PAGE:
Design and implementation of appreciative writing assessment in secondary English Language Arts classrooms




Warrington, Amber Sharron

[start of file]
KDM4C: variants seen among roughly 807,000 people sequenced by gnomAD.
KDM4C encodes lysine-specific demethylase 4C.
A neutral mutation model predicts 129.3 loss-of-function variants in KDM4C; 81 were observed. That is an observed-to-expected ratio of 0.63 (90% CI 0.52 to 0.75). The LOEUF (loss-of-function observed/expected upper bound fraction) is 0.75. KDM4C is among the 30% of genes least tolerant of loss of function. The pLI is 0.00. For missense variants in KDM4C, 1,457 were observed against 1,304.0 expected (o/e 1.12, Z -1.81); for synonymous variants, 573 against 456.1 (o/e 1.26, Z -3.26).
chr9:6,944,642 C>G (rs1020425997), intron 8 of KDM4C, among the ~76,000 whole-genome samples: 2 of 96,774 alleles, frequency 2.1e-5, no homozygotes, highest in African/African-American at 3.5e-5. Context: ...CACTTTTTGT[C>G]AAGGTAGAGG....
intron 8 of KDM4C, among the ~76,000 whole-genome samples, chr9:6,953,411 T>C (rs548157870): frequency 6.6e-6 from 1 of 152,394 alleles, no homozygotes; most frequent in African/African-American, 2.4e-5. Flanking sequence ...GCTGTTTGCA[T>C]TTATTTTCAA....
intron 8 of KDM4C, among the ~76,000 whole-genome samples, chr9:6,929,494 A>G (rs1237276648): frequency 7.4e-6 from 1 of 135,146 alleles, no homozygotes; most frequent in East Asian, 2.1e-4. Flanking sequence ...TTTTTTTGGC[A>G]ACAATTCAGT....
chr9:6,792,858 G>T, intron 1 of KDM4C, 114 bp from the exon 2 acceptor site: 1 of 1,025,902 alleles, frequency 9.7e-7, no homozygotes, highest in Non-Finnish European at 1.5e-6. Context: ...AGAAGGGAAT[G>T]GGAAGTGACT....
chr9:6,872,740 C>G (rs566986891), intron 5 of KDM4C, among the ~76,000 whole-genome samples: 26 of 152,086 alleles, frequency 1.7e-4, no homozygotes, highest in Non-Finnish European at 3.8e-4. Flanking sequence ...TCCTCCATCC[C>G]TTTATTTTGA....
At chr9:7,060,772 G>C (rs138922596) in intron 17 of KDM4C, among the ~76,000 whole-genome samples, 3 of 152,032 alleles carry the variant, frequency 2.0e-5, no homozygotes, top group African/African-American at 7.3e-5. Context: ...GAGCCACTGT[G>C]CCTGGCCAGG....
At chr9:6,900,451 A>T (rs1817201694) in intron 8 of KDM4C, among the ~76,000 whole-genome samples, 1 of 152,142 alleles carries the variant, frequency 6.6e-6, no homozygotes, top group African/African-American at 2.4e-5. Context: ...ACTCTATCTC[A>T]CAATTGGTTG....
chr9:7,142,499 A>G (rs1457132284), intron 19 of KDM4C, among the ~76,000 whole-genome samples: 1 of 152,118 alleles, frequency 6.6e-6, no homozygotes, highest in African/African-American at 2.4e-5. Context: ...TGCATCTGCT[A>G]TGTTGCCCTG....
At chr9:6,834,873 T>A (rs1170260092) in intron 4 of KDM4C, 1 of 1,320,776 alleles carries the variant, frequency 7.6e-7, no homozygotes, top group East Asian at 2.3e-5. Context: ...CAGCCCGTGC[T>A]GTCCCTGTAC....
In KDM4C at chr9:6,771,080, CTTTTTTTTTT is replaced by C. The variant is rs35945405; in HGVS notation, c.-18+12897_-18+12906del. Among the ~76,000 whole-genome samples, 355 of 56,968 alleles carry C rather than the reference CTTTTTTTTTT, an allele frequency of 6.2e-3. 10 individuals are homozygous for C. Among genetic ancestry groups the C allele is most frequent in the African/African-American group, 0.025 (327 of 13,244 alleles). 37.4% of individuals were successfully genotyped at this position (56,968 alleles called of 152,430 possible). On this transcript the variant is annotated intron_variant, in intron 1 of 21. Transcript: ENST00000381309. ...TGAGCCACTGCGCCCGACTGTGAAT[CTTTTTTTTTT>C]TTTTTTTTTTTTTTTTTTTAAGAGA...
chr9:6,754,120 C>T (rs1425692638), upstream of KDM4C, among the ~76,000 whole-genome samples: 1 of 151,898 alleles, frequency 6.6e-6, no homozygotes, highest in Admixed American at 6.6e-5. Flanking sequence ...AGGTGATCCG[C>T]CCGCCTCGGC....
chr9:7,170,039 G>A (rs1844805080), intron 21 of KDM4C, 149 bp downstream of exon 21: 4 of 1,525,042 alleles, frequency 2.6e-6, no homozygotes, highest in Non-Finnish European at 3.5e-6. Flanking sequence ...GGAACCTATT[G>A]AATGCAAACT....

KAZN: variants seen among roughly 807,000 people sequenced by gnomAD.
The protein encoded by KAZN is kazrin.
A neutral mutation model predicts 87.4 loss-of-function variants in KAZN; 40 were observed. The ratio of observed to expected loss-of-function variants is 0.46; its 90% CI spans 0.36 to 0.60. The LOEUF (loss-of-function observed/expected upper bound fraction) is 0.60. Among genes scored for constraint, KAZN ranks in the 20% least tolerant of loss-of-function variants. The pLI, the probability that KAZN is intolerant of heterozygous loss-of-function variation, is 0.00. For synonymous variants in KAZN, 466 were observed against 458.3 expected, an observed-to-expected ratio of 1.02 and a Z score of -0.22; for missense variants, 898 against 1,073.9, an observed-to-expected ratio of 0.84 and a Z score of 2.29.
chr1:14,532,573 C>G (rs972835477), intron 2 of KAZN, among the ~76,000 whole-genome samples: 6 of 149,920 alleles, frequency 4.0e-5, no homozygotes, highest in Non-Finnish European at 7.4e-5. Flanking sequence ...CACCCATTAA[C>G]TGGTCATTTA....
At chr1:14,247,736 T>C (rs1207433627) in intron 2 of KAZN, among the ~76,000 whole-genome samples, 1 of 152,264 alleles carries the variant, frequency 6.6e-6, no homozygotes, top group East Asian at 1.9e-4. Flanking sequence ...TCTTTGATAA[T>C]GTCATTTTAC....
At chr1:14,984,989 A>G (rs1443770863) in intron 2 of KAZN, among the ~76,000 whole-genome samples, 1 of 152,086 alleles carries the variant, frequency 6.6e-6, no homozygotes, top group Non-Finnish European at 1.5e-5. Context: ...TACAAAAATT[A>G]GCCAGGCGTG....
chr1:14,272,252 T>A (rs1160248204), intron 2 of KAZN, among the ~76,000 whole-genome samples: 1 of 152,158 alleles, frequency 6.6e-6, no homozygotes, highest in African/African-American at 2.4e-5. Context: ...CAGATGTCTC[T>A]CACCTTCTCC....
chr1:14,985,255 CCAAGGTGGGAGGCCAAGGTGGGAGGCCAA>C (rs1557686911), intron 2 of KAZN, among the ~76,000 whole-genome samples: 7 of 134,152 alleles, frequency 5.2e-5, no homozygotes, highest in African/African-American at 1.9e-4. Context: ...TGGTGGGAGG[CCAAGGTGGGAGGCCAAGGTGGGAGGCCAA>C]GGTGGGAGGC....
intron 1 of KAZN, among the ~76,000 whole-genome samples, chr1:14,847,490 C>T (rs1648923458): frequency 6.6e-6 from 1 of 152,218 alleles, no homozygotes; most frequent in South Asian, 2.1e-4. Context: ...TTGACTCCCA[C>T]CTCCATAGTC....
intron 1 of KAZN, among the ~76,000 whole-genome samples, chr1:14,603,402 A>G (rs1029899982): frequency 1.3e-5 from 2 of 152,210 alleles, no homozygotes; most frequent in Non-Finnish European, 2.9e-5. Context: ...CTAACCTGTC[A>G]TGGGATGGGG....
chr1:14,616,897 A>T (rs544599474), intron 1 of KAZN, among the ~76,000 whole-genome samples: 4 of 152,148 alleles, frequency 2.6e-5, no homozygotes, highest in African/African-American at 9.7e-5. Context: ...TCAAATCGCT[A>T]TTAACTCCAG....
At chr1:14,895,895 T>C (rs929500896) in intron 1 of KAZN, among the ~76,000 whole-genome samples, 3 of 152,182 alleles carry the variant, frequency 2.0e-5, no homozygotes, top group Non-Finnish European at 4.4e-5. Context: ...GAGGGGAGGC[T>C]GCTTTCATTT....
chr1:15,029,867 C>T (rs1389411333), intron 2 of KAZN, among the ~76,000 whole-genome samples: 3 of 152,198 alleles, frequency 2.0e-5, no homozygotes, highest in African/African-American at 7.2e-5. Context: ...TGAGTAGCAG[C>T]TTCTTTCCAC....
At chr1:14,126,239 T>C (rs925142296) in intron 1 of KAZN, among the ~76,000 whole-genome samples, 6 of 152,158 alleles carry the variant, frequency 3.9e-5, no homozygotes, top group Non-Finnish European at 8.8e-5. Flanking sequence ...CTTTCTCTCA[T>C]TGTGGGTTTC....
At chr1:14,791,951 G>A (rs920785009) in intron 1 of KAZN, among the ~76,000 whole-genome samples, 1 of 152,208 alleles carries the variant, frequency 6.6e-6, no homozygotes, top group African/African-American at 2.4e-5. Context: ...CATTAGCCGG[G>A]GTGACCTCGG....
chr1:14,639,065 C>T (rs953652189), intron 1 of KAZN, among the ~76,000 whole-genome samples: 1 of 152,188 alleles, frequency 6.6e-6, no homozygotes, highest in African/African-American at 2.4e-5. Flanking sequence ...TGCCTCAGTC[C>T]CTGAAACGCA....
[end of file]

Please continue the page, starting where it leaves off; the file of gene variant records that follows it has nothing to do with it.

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The purpose of this dissertation was to explore with English Language Arts (ELA) teachers how to design and implement appreciative (Bomer, 2011) approaches to writing assessment in secondary ELA classrooms. This study aimed to counter deficit (Paris, 2012; Valencia, 1997) approaches to assessment that focus on perceived errors in students’ writing. I drew on theories that explain the ways discourse shapes knowledge (Foucault, 1970; Gee, 2014) and identities (Gee, 2014; Holland, Lachicotte, Skinner, & Cain, 1998) in powerful and often hidden ways. These theories facilitated my analyses of the ways in which discourses around writing assessment positioned (Davies & Harré, 1990; Holland et al., 1998) students in deficit (Paris, 2012; Valencia, 1997) or appreciative (R. Bomer, 2011) ways. This research was guided by formative experiment design (Reinking & Bradley, 2008) and case study methods (Yin, 2014). The study consisted of two phases: Phase 1: Collaborative design between the researcher and teacher-participants of an appreciative writing assessment; Phase 2: Teachers’ implementation of the writing assessment in their classrooms. Making use of qualitative, ethnographic methods (Marshall & Rossman, 2011), I collected data around teachers’ design within an inquiry group as well as two teachers’ implementation of the design within their ELA classrooms. I analyzed all data using an inductive approach of qualitative data analysis (Miles, Huberman, & Saldaña, 2014). Analysis revealed that the inquiry group of teachers and myself approached the task of design by constructing a shared repertoire (Wenger, 1998) of concepts, texts, tools, and discourses that served as resources for the negotiation of meaning around appreciative writing assessment. The inquiry group elaborated on appreciative discourses to design a writing assessment that positioned student writers as knowledgeable, in a process of growth, and authorities capable of assessing their own writing and growth. The inquiry group also used physical tools to reify the discourses upon which teachers drew and visualize how these larger discourses could shape classroom practice. To explore the ways in which teachers implemented the writing assessment in their classrooms, I focused on the case of one teacher. As the teacher implemented the inquiry group’s framework document, she redesigned related classroom practices, specifically, writing instruction that focused on student-led genre study, increased peer dialogue within the classroom community, and students’ roles as co-designers of assessment. This study contributes to the literature on classroom writing assessment as well as literature on resource pedagogies (Paris & Ball, 2009) and a multiliteracies pedagogy (New London Group, 1996) that demonstrate ways that teachers can draw on students’ strengths and resources in curriculum and instruction. Furthermore, this study points to teachers’ roles as designers of curriculum, instruction, and assessment in both formative experiment research studies and in schools.


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